• Remaining lease liability measured based on pattern of use of the underlying asset by the lessee, if pattern can be reliably determined using either inputs or outputs
      • If not reliably determinable, use straight-line method
  • Underlying asset is depreciated over its expected useful life
      • Systematic and rational approach
      • If none based on pattern of use, straight-line method should be used
      • Asset subject to ASC 360 impairment testing (long lived assets impairment)
recognition derecognition approach
Recognition - Derecognition Approach
  • Apply if performance obligation criteria not met
  • As of date of commencement of lease, lessor will:
    • Recognize a receivable for the right to receive rental payments with the offset to lease income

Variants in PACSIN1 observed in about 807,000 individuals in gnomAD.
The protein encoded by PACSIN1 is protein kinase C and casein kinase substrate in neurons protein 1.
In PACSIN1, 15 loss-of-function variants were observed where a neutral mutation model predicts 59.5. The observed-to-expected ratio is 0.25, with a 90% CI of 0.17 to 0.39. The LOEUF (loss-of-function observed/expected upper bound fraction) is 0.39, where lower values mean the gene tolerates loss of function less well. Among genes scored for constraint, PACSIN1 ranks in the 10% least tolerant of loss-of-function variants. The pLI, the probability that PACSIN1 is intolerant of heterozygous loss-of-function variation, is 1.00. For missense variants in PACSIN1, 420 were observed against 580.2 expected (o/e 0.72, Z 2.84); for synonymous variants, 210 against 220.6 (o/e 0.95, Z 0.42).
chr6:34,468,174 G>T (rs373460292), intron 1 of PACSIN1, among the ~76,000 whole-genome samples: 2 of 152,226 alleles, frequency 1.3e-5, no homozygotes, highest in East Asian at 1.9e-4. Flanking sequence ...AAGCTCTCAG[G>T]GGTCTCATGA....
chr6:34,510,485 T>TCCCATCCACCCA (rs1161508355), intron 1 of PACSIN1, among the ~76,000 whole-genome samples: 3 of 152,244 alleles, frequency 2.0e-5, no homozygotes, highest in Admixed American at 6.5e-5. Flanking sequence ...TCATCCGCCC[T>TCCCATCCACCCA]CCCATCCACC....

• Remove portion of the carrying amount of underlying leased asset from books which represents the lessee’s right to use the asset during the lease term
      • Residual asset for the portion of the carrying amount of the leased asset that represents the lessor’s non-transferred rights in that asset
      • Portion of the carrying value of leased asset removed from balance sheet and recorded as cost of sale
recognition derecognition approach1
Recognition - Derecognition Approach
  • Recognized in the income statement:
  • Lease income = PV of lease payments
  • Lease expense = cost of underlying asset derecognized
  • Interest income on right to return asset
  • Lease impact of any reassessments in right to return asset due to change in estimates of contingent amounts
  • Impairment losses on right to return asset